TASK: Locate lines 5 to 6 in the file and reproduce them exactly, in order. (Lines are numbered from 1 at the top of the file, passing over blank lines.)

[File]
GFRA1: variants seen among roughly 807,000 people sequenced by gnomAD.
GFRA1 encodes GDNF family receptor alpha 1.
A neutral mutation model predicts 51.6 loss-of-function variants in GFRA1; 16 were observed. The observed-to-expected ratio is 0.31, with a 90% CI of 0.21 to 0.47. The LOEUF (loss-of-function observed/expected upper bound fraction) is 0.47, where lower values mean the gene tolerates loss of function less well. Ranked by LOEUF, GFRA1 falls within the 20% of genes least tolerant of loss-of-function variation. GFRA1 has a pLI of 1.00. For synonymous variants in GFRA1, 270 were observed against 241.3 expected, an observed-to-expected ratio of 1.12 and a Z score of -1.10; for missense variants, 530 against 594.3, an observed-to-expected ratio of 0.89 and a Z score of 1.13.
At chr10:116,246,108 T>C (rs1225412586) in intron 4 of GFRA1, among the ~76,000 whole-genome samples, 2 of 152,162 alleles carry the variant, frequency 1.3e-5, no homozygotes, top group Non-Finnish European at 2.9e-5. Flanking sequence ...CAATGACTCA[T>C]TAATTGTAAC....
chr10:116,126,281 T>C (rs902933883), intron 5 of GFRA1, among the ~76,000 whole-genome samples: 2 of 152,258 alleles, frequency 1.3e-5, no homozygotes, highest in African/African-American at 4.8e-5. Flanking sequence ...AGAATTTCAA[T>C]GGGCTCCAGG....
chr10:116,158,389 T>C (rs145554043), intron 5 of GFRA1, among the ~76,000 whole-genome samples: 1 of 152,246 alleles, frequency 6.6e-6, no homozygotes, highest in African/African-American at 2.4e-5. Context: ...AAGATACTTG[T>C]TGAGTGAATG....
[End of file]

chr10:116,126,281 T>C (rs902933883), intron 5 of GFRA1, among the ~76,000 whole-genome samples: 2 of 152,258 alleles, frequency 1.3e-5, no homozygotes, highest in African/African-American at 4.8e-5. Flanking sequence ...AGAATTTCAA[T>C]GGGCTCCAGG....
chr10:116,158,389 T>C (rs145554043), intron 5 of GFRA1, among the ~76,000 whole-genome samples: 1 of 152,246 alleles, frequency 6.6e-6, no homozygotes, highest in African/African-American at 2.4e-5. Context: ...AAGATACTTG[T>C]TGAGTGAATG....